The Taylor Review calls for National Insurance Contribution (NIC) to be the same rate for employees as it is for the self-employed. And while the report recommends that the companies engaging self-employed workers could in-fact pay these workers’ NIC, any move towards balancing the tax system is not expected to be popular among freelancers and contractors, regardless of whether employers were to pick up the bill.  

“The self-employed simply do not enjoy the same benefits as employees, so to call for a balanced taxation system, seems shortsighted”, argued Qdos Contractor’s Seb Maley.

“While the review suggests companies engaging with self-employed workers could perhaps make these NIC contributions themselves, many contractors would feel as though an element of their independence is being taken away. The beauty of the flexible workforce is that both contractors and companies benefit from a completely flexible working relationship,” he added.

End employment status confusion

As the IR35 debacle rolls on, The Taylor Review urged for simplification and clarity around employment status.

“The way in which employment protections are applied relies on individuals and employers understanding the type of relationship that exists between them – most basically, deciding whether the individual is an ‘employee’, a ‘worker’ or genuinely self-employed. For a number of reasons, this is becoming more complex for an increasing proportion of the workforce.” The Taylor Review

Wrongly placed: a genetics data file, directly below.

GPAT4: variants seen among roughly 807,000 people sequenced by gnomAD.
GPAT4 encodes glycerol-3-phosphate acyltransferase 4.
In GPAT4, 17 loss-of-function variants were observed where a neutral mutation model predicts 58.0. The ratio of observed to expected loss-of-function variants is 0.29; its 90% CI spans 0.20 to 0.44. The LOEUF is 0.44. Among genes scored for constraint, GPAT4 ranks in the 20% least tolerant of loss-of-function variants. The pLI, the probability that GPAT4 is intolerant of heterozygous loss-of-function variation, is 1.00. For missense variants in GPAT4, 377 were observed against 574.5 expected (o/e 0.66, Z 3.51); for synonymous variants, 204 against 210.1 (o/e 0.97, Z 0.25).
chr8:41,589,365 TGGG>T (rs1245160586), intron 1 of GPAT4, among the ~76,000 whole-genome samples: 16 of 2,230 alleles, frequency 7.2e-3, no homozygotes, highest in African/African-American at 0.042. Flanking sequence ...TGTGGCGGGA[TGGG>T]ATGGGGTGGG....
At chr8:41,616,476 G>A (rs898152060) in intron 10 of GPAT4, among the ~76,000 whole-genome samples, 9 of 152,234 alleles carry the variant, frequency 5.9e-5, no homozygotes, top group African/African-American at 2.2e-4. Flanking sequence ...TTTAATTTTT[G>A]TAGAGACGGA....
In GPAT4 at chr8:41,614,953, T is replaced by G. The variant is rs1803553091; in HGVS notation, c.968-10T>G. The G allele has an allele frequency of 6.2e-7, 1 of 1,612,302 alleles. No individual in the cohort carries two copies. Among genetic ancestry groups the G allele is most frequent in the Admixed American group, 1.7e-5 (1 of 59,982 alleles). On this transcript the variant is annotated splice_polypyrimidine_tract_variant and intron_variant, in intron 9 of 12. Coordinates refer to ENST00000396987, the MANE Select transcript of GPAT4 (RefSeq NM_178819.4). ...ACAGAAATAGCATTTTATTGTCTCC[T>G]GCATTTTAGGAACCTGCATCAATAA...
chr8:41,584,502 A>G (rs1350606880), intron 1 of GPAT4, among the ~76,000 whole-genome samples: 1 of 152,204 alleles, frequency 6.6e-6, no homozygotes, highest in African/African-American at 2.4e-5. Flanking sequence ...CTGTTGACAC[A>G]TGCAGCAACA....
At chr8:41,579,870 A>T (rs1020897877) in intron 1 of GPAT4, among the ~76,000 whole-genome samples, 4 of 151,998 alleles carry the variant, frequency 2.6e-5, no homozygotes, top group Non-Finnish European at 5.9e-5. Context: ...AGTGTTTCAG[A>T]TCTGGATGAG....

So it’s simple. For contractors and public sector engagers to truly understand and make more accurate, well-informed decisions on employment status, there is a need for clarity. Put politely, the current situation is confusing, and contradictory as to whether a worker should be considered an employee, or self-employed.

Andy Vessey, Head of Tax at Qdos Contractor welcomed the recommendation; “Status tests should be more distinct and not open to wide interpretation, so as to give certainty to both worker and engager.”

The review calls for change in legislation, to ensure Government, the courts, workers, employers and agencies are – metaphorically speaking – on the same page. It emphasises the need for key factors which the Government typically use to make employment status decisions to be incorporated into the legislation.